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Life After Life: A Novel by Jill McCorkle

Life After Life: A Novel (edition 2013)

by Jill McCorkle

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Title:Life After Life: A Novel
Authors:Jill McCorkle
Info:A Shannon Ravenel Book (2013), Hardcover, 352 pages
Collections:Your library

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Life after Life by Jill McCorkle



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Showing 1-5 of 63 (next | show all)
This review was written for LibraryThing Early Reviewers.
The residents of Pine Haven Retirement Center are the focus of Jill McCorkle’s novel, which weaves together the stories of many different characters. I would describe this as a quirky, humorous read. I enjoyed it, though it was a bit slow in parts. ( )
  gwendolyndawson | Jun 11, 2014 |
Life After Life, centers around retirement home, Pine Haven Estates, with eccentric characters from a resident who only pretends to be insane, to a little girl, who finds comfort in her much older friends. Each chapter is told in a different character's pov, which I don't mind as long as they are obviously distinct, which they are in Life After Life. There were some chapters, like Joann's notebook entries that seemed unnecessary, but I get it. The story really picks up have way through, but I was a little disappointed with the ending - too much of a shocker for one character that didn't sit well with me. Still a pretty good read. ( )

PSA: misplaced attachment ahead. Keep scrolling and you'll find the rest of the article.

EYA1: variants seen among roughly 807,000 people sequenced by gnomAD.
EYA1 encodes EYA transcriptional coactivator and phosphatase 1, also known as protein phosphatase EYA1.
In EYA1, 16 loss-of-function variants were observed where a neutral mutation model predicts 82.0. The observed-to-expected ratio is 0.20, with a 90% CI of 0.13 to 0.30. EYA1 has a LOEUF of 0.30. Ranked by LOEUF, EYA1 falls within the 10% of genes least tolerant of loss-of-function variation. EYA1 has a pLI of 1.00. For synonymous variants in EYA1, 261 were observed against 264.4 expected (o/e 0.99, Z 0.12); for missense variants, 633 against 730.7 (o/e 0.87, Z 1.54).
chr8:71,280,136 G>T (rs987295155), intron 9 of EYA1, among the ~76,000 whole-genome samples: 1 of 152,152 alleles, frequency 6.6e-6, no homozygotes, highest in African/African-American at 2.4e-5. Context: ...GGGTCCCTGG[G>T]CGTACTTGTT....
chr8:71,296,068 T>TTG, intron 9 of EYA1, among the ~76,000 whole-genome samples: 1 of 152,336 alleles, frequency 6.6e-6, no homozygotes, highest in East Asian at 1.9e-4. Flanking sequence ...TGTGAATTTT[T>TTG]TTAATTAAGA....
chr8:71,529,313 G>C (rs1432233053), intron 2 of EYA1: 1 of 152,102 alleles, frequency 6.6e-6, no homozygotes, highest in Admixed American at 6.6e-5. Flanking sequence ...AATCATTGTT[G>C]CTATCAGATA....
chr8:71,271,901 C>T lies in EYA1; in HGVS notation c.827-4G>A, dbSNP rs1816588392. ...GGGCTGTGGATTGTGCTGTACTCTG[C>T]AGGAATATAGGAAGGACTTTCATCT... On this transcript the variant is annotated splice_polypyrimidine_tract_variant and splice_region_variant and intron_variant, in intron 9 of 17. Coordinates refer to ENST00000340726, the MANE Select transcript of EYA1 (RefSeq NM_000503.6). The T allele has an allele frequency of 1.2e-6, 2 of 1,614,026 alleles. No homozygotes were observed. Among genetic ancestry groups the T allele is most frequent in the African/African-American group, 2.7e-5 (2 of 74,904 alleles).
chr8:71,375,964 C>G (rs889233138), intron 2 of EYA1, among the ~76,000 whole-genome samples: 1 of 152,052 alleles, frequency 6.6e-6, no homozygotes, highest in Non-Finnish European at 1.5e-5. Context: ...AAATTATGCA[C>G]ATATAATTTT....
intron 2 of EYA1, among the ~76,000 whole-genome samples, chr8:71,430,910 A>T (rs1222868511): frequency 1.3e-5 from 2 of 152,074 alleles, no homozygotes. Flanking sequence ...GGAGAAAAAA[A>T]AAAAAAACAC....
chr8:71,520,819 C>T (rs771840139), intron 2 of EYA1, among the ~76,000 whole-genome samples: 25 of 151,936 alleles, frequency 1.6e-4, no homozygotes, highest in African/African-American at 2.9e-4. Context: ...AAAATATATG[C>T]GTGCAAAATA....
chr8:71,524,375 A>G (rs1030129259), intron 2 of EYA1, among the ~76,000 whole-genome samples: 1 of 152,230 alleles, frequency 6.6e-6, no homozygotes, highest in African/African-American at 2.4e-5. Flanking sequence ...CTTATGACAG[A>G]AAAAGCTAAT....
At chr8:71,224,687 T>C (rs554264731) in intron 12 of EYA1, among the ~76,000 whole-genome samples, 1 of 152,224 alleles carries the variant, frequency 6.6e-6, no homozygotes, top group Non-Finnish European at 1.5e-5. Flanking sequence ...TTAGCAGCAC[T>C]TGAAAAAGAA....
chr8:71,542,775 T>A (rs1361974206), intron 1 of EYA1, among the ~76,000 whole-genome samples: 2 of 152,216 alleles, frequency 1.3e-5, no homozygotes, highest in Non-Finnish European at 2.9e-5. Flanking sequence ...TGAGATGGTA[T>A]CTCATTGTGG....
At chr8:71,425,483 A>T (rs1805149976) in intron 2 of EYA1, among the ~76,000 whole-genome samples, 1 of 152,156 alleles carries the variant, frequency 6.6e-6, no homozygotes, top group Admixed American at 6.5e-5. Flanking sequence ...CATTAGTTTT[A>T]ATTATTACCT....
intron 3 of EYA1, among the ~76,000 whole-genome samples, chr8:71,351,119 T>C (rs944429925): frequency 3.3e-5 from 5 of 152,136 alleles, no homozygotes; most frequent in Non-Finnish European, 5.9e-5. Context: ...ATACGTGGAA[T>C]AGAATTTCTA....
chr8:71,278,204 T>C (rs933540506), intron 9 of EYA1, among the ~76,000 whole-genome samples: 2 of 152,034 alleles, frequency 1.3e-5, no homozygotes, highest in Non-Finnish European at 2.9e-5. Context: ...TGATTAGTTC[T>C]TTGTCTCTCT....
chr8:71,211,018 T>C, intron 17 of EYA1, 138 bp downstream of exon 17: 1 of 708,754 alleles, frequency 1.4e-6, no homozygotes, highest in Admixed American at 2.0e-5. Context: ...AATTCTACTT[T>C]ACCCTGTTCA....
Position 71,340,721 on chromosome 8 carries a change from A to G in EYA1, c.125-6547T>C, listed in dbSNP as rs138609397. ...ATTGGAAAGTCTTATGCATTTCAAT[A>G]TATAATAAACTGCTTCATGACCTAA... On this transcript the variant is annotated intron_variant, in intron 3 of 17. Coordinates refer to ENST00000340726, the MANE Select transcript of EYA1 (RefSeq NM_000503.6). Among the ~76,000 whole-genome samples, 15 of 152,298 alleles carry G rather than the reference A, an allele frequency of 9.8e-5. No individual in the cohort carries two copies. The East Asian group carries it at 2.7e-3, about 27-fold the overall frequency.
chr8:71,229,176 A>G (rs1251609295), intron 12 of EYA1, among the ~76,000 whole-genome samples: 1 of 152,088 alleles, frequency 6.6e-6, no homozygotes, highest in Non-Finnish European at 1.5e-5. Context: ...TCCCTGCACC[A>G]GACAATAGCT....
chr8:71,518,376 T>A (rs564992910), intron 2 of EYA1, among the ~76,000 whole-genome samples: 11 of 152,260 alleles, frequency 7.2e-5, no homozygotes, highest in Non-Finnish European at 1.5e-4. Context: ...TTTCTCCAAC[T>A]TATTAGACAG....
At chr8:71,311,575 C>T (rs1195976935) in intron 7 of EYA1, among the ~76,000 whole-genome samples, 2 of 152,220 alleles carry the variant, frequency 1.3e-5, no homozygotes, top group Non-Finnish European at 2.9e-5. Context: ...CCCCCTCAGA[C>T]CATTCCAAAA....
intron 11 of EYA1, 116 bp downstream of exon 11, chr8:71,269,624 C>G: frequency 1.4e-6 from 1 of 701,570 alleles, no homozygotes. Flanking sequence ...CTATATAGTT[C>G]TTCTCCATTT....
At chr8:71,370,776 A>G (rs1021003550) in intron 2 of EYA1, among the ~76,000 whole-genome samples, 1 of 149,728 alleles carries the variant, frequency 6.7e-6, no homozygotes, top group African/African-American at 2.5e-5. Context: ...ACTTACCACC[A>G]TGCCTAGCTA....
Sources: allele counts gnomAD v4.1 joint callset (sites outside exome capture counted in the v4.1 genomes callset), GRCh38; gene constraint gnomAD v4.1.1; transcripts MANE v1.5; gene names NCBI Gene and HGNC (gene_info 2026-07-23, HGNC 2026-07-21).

LauraT81 | Jun 5, 2014 |
This review was written for LibraryThing Early Reviewers.